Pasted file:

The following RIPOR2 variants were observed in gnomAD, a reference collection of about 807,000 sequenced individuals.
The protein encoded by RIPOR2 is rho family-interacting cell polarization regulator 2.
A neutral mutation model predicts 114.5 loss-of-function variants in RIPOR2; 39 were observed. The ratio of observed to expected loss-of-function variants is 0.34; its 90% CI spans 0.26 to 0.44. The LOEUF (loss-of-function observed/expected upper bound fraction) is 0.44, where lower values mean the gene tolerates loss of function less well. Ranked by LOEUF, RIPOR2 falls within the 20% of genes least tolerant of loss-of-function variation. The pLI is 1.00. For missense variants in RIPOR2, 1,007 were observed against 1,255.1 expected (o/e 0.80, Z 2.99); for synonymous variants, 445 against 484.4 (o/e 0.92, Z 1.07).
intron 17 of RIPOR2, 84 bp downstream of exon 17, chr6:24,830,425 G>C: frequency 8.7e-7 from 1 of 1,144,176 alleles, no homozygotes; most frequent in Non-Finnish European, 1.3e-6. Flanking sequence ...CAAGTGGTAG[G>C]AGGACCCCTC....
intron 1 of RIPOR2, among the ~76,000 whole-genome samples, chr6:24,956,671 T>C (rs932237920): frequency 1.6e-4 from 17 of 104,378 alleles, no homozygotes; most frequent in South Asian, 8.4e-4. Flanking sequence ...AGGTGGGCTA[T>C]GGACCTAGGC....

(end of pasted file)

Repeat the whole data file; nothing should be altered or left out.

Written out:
The following RIPOR2 variants were observed in gnomAD, a reference collection of about 807,000 sequenced individuals.
The protein encoded by RIPOR2 is rho family-interacting cell polarization regulator 2.
A neutral mutation model predicts 114.5 loss-of-function variants in RIPOR2; 39 were observed. The ratio of observed to expected loss-of-function variants is 0.34; its 90% CI spans 0.26 to 0.44. The LOEUF (loss-of-function observed/expected upper bound fraction) is 0.44, where lower values mean the gene tolerates loss of function less well. Ranked by LOEUF, RIPOR2 falls within the 20% of genes least tolerant of loss-of-function variation. The pLI is 1.00. For missense variants in RIPOR2, 1,007 were observed against 1,255.1 expected (o/e 0.80, Z 2.99); for synonymous variants, 445 against 484.4 (o/e 0.92, Z 1.07).
intron 17 of RIPOR2, 84 bp downstream of exon 17, chr6:24,830,425 G>C: frequency 8.7e-7 from 1 of 1,144,176 alleles, no homozygotes; most frequent in Non-Finnish European, 1.3e-6. Flanking sequence ...CAAGTGGTAG[G>C]AGGACCCCTC....
intron 1 of RIPOR2, among the ~76,000 whole-genome samples, chr6:24,956,671 T>C (rs932237920): frequency 1.6e-4 from 17 of 104,378 alleles, no homozygotes; most frequent in South Asian, 8.4e-4. Flanking sequence ...AGGTGGGCTA[T>C]GGACCTAGGC....